••• Tax & Spending •••

Mega subsidy: budget deficits, no tax cuts for people

The Kansas Legislative Research Department (KLRD) says Governor Kelly’s plan to give more than a $1 billion mega subsidy to a mystery company will create a budget deficit in FY 2026.  But the deficit will hit at least a year earlier if the mega subsidy is approved.

KLRD’s standard methodology accounts for anticipated social service demands and planned school funding increases, but nothing else.  That may be the way KLRD has to function, but every legislator knows there is zero chance that all other spending will remain flat in FY 2023, FY 2024, and FY 2025.  There is also the possibility that revenue will be lower than anticipated.

Notice also the absence of Governor Kelly’s proposed elimination of the state sales tax on food.  Her proposed $250 per-taxpayer rebate is also missing, which is estimated to cost $449 million in FY 2023, $482 million, in FY 2024, and $493 million in FY 2025.  If approved, the state goes into a deficit in 2024.  The rebate would move the deficit to FY 2023.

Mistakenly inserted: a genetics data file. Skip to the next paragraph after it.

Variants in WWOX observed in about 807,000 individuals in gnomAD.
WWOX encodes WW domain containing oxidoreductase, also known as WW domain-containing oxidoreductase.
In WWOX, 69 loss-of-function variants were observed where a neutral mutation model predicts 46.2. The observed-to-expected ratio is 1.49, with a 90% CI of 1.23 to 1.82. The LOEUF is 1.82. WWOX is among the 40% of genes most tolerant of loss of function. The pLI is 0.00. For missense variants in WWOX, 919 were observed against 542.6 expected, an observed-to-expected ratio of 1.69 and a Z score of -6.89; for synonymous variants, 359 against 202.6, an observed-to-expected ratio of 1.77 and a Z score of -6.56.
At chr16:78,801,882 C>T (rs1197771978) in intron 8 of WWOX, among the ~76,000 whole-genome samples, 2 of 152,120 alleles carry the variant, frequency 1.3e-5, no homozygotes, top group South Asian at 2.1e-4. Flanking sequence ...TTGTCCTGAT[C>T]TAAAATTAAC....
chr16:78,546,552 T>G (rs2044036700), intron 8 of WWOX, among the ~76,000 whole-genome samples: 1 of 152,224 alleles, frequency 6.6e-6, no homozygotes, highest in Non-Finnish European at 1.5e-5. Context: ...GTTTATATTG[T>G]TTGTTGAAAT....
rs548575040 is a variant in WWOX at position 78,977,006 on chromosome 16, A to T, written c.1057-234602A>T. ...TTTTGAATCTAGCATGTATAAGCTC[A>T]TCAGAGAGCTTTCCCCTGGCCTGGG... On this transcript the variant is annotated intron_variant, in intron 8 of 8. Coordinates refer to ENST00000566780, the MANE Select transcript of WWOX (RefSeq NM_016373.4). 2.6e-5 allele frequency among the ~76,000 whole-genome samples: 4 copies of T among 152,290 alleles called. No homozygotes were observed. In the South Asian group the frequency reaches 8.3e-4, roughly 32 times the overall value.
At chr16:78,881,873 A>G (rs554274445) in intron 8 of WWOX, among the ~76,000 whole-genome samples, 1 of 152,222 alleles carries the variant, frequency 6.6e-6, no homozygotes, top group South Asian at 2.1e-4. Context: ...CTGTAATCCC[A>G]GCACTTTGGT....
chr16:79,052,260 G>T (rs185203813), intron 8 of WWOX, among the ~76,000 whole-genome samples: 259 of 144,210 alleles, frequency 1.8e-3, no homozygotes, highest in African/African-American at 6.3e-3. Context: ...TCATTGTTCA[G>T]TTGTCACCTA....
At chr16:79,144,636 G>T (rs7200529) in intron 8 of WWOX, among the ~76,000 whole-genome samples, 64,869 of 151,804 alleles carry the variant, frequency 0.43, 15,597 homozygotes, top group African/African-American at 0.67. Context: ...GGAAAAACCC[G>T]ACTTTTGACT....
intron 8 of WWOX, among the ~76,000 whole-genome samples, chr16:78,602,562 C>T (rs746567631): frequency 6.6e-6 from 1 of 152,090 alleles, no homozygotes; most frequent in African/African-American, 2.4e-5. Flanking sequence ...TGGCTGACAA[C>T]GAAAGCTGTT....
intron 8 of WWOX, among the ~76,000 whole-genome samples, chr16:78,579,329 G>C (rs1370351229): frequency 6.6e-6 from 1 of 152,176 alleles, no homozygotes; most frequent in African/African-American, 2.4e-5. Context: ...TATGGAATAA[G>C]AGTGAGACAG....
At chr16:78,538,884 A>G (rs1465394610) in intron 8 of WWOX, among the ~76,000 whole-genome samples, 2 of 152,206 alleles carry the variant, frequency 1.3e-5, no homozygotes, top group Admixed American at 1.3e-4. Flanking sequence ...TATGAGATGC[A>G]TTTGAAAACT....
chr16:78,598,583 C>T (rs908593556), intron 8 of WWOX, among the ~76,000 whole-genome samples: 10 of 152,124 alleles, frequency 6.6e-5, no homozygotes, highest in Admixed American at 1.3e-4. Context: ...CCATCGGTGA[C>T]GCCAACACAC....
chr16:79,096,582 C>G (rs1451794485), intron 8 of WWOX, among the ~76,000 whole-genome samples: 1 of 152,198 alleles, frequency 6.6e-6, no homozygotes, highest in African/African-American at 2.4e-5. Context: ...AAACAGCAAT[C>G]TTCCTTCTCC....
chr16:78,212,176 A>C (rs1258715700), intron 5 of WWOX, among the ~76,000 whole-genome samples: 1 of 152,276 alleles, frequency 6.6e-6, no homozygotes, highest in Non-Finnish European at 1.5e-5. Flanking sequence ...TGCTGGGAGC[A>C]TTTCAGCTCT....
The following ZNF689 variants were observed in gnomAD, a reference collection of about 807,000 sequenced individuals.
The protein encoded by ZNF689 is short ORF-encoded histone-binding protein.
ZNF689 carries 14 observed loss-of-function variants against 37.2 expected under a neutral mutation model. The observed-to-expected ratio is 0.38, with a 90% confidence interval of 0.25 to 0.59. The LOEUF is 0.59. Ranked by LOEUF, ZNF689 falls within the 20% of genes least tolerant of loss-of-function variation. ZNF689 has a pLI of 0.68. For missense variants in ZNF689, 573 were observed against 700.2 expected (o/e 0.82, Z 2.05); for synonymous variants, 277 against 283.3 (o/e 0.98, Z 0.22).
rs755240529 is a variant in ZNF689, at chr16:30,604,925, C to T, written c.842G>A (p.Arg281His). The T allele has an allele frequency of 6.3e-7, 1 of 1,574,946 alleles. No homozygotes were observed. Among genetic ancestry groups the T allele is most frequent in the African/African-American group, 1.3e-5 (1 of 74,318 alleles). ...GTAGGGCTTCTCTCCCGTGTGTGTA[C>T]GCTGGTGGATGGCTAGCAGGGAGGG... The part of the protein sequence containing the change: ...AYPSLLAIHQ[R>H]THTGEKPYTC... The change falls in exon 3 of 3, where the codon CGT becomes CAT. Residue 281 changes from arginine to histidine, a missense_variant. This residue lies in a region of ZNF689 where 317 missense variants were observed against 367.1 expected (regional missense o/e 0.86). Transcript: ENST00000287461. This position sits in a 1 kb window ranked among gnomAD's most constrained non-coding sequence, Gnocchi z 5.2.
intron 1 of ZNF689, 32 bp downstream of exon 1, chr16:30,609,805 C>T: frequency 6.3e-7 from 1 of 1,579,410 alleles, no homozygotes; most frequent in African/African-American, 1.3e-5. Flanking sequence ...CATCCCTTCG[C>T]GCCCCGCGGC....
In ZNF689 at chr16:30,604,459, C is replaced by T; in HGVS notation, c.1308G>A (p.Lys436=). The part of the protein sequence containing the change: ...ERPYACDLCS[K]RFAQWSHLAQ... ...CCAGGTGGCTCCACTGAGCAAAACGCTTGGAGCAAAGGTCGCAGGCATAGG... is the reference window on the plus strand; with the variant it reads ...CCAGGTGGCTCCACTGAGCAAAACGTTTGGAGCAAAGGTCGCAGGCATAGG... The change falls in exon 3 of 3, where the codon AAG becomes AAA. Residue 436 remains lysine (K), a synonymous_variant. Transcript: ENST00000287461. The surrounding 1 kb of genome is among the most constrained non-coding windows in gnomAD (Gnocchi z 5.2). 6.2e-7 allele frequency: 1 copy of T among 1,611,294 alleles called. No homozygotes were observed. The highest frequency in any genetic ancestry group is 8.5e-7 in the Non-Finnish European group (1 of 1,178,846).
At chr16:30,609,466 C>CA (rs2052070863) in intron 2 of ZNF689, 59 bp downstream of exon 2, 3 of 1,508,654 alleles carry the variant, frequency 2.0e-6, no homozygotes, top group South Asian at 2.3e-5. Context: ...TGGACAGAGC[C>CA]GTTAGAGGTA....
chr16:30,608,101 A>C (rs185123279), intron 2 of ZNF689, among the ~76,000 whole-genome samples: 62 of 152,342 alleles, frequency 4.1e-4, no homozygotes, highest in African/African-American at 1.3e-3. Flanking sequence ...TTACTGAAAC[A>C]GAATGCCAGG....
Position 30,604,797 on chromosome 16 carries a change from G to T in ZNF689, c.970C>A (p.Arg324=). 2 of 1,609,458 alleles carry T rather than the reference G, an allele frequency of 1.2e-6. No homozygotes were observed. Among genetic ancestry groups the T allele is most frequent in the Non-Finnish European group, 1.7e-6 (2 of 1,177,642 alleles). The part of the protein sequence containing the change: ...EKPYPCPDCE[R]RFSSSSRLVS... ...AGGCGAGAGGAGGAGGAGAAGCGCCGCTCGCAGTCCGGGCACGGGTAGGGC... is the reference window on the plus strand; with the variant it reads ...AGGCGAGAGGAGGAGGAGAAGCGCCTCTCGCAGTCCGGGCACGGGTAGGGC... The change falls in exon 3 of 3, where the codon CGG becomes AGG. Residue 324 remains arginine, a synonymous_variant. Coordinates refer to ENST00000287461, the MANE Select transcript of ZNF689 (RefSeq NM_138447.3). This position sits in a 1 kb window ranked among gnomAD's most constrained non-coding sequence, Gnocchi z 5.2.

These facts represent an ugly political reality.  First, Governor Kelly’s sales tax and income tax proposals are a charade.  She knows all of her budget proposals and the mega subsidy can’t fit, so the $1 billion incentive was conveniently left out of her budget.  That way she gets good press for the tax cut recommendations, and if the subsidy is approved, she can use the good press from landing that deal to soften the blow from losing everything else.  If some of the tax cuts and the subsidy are approved, taxpayers will be set up for a tax increase down the road.


Experiments are bad until they are proposed by a Democrat

When Governor Sam Brownback called his tax plan an experiment, admittedly a poor choice of words, Laura Kelly, other Democrats, and even some Republicans criticized him heavily.  Now, this proposed $1 billion subsidy being pushed by Democrat Laura Kelly is accurately called an experiment, and those who previously opposed an experiment are all for it, as reflected in the 81-40 vote in the House.

In her interview with KSHB, Kelly said that she couldn’t “think of a downside” to the venture.

Kansas taxpayers, who are struggling with overwhelming inflation and a lackluster job market and will watch record-setting budget surpluses go to one unknown business may be able to think of a few.